Article  PubMed  Google Scholar 

  • Pössel, P. (2017). Comparing different sequential mediational interpretations of Beck’s depression model in adolescents. Journal of Youth and Adolescence, 46, 725–743. https://doi.org/10.1007/s10964-016-0551-x.

    Article  PubMed  Google Scholar 

  • Pössel, P., & Knopf, K. (2008). An experimental test of the maintenance and vulnerability hypothesis of depression in consideration of the cognitive hierarchy. Depression and Anxiety, 25, E47–E55. https://doi.org/10.1002/da.20313.

    Article  PubMed  Google Scholar 

  • Pössel, P., & Knopf, K. (2011). Bridging the gaps: An attempt to integrate three major cognitive depression models. Cognitive Therapy and Research, 35, 342–358. https://doi.org/10.1007/s10608-010-9325-z.

    Article  Google Scholar 

  • Pössel, P., Smith, E., & Alexander, O. (2018). LARS&LISA: A universal school-based cognitive-behavioral program to prevent adolescent depression. Psicologia: Reflexão e Crítica|Psychology: Research and Review, 31, 23. https://doi.org/10.1186/s41155-018-0104-1.

    Article  Google Scholar 

  • Pössel, P., & Thomas, S. D. (2011). Cognitive triad as mediator in the hopelessness model? A three-wave longitudinal study. Journal of Clinical Psychology, 67, 224–240. https://doi.org/10.1002/jclp.20751.

    Article  PubMed  Google Scholar 

  • Pössel, P., & Winkeljohn Black, S. (2014). Testing three different sequential mediational interpretations of Beck’s cognitive model of the development of depression. Journal of Clinical Psychology, 70, 72–94. https://doi.org/10.1002/jclp.22001.

    Article  PubMed  Google Scholar 

  • Preacher, K. J., & Hayes, A. F. (2008). Asymptotic and resampling strategies for assessing and comparing indirect effects in multiple mediator models. Behavior Research Methods, 40, 879–891.

    Article  Google Scholar 

  • Radloff, L. S. (1977). The CES-D: A self-report symptom scale to detect depression in the general population. Applied Psychological Measurement, 3, 385–401.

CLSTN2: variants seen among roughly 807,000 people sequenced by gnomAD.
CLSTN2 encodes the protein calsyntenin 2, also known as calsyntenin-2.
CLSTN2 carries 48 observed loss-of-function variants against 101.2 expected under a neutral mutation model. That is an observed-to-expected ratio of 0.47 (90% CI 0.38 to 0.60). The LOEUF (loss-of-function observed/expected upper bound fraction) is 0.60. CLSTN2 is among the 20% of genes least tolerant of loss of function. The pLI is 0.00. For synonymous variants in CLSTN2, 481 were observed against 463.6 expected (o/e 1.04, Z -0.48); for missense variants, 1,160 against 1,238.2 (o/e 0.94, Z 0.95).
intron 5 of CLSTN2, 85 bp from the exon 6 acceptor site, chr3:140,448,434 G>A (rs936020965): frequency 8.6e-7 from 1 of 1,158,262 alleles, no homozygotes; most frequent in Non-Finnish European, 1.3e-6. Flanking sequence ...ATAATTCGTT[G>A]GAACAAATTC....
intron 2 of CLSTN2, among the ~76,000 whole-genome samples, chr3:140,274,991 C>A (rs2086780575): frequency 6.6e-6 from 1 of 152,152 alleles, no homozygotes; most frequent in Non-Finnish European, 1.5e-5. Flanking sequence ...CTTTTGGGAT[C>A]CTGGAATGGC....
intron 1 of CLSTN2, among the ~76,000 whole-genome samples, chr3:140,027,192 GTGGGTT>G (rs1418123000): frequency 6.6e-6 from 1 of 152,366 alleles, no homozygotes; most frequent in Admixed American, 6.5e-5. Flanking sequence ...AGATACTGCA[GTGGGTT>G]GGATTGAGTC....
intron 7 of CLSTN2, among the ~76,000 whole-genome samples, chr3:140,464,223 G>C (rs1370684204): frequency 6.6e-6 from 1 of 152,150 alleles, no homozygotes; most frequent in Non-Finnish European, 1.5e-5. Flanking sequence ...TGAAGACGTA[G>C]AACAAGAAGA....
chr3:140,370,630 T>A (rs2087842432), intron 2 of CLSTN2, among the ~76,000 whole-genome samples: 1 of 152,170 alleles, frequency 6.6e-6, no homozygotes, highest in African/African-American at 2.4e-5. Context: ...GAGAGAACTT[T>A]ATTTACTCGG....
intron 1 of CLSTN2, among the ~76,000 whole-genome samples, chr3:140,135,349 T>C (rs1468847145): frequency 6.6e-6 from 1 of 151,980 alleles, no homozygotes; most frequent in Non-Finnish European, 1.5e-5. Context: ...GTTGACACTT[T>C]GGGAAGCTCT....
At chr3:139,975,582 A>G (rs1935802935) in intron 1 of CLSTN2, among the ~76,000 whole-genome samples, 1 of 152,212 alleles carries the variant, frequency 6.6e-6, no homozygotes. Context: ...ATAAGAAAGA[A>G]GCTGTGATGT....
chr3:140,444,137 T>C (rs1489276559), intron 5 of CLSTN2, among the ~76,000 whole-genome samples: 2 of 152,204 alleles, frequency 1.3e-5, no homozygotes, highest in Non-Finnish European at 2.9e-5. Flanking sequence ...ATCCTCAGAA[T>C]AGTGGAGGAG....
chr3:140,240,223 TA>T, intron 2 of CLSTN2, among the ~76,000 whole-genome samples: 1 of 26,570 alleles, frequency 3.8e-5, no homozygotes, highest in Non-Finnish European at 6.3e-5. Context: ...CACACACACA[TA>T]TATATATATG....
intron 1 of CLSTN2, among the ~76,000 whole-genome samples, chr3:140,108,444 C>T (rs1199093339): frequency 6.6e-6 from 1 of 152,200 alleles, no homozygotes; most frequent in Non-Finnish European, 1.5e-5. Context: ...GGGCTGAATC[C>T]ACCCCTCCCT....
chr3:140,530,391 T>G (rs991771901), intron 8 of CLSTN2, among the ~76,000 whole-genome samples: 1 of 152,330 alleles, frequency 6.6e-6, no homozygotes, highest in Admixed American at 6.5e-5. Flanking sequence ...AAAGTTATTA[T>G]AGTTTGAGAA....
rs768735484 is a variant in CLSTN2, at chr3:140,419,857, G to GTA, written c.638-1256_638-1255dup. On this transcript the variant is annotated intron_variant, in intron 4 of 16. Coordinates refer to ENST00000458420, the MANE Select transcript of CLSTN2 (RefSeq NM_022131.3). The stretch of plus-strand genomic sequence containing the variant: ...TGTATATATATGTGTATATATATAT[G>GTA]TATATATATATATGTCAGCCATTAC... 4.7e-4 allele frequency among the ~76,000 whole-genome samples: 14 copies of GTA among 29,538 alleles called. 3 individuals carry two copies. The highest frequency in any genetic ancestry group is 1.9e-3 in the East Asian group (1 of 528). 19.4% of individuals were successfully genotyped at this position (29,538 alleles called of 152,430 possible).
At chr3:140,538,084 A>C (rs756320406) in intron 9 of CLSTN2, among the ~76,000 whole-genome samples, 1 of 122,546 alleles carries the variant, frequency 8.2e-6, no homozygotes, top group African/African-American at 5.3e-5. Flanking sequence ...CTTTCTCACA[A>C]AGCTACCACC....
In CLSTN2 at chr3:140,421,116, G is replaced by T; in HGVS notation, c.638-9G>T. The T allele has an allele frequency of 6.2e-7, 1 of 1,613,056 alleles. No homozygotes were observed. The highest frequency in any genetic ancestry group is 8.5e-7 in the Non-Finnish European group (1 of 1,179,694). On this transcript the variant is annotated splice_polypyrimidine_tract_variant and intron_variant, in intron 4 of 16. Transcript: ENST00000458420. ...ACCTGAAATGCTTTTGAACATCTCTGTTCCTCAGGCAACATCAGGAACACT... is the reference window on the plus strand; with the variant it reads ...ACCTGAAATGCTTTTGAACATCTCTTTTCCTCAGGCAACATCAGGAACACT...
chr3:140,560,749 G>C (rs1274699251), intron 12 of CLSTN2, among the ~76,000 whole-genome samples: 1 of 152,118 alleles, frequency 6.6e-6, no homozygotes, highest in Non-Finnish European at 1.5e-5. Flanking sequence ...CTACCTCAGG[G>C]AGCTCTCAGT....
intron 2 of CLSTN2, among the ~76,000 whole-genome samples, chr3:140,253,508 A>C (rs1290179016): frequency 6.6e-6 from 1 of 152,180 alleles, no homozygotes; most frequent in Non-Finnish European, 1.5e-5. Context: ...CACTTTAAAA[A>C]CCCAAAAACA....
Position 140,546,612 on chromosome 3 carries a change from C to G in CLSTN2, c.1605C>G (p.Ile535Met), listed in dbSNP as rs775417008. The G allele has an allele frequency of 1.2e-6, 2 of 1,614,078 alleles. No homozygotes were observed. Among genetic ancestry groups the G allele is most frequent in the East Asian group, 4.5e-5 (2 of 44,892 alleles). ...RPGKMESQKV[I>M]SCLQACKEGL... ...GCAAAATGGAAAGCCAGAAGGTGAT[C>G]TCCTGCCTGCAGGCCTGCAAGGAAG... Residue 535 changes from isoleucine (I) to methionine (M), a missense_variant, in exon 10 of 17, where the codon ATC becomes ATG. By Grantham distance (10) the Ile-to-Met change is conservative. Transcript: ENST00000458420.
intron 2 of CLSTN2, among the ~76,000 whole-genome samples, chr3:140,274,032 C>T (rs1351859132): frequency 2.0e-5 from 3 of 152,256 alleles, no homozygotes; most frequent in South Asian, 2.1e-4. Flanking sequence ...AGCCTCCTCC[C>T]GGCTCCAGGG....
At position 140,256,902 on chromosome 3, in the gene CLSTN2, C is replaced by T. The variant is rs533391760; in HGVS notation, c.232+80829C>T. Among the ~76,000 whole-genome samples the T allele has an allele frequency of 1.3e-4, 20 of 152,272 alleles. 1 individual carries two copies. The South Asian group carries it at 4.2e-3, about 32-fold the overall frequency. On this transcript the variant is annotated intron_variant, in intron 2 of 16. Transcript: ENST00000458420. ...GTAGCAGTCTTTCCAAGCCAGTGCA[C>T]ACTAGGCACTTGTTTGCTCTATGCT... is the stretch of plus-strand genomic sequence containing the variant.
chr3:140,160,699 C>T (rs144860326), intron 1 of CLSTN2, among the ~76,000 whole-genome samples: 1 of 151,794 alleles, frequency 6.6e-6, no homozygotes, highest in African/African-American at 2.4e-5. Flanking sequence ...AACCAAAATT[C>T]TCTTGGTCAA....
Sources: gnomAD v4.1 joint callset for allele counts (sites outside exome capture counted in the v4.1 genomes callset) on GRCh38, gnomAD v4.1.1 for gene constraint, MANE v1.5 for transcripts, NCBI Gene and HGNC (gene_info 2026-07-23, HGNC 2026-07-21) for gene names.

Article  Google Scholar 

  • Roberts, R. E., Andrews, J. A., Lewinsohn, P. M., & Hops, H. (1990). Assessment of depression in adolescents using the Center for Epidemiologic Studies Depression Scale. Psychological Assessment, 2, 122–128. https://doi.org/10.1037/1040-3590.2.2.122.

    Article  Google Scholar 

  • Scher, C. D., Ingram, R. E., & Segal, Z. V. (2005). Cognitive reactivity and vulnerability: Empirical evaluation of construct activation and cognitive diatheses in unipolar depression. Clinical Psychology Review, 25, 487–510.

    Article  Google Scholar 

  • Spangler, D. L., Simons, A. D., Monroe, S. M., & Thase, M. E. (1997). Comparison of cognitive models of depression: Relationships between cognitive constructs and cognitive diathesis-stress match. Journal of Abnormal Psychology, 106, 395–403. https://doi.org/10.1037/0021-843X.106.3.395.

    Article  PubMed  Google Scholar 

  • Steiger, J. H. & Lind, J. M. (1980, May). Statistically based tests for the number of common factors. Paper presented at the Psychometrika society meeting, Iowa City, Iowa.

  • Turner, J. E., & Cole, D. A. (1994). Developmental differences in cognitive diatheses for child depression. Journal of Abnormal Child Psychology, 22, 15–32.

    Article  Google Scholar 

  • Weissman, A. N., & Beck, A. T. (1978, November). Development and validation of the dysfunctional attitude scale (DAS). Paper presented at the 12th annual meeting of the Association for the Advancement of behavior therapy, Chicago, IL.

  • Weitlauf, A. S., & Cole, D. A. (2012). Cognitive development masks support for attributional style models of depression in children and adolescents. Journal of Abnormal Child Psychology, 40, 849–862. https://doi.org/10.1007/s10802-012-9617-8.

    Article  PubMed  Google Scholar 

Download references

Author information

Authors and Affiliations

Authors

Corresponding author

Correspondence to Patrick Pössel.

Ethics declarations

Conflict of Interest

The authors declare that they have no conflict of interest.

Ethical Approval

All procedures performed in studies involving human participants were in accordance with the ethical standards of the institutional and/or national research committee and with the 1964 Helsinki declaration and its later amendments or comparable ethical standards.

Informed Consent

Informed consent was obtained from all individual participants included in the study.

Additional information

Publisher’s Note

Springer Nature remains neutral with regard to jurisdictional claims in published maps and institutional affiliations.

Electronic supplementary material

ESM 1

(DOCX 44 kb)

Rights and permissions

Reprints and permissions

About this article

Check for updates. Verify currency and authenticity via CrossMark

Cite this article

Pössel, P., Smith, E. Integrating Beck’s Cognitive Theory of Depression and the Hopelessness Model in an Adolescent Sample. J Abnorm Child Psychol 48, 435–451 (2020). https://doi.org/10.1007/s10802-019-00604-8

Download citation

  • Published:

  • Issue Date:

  • DOI: https://doi.org/10.1007/s10802-019-00604-8

Keywords

Navigation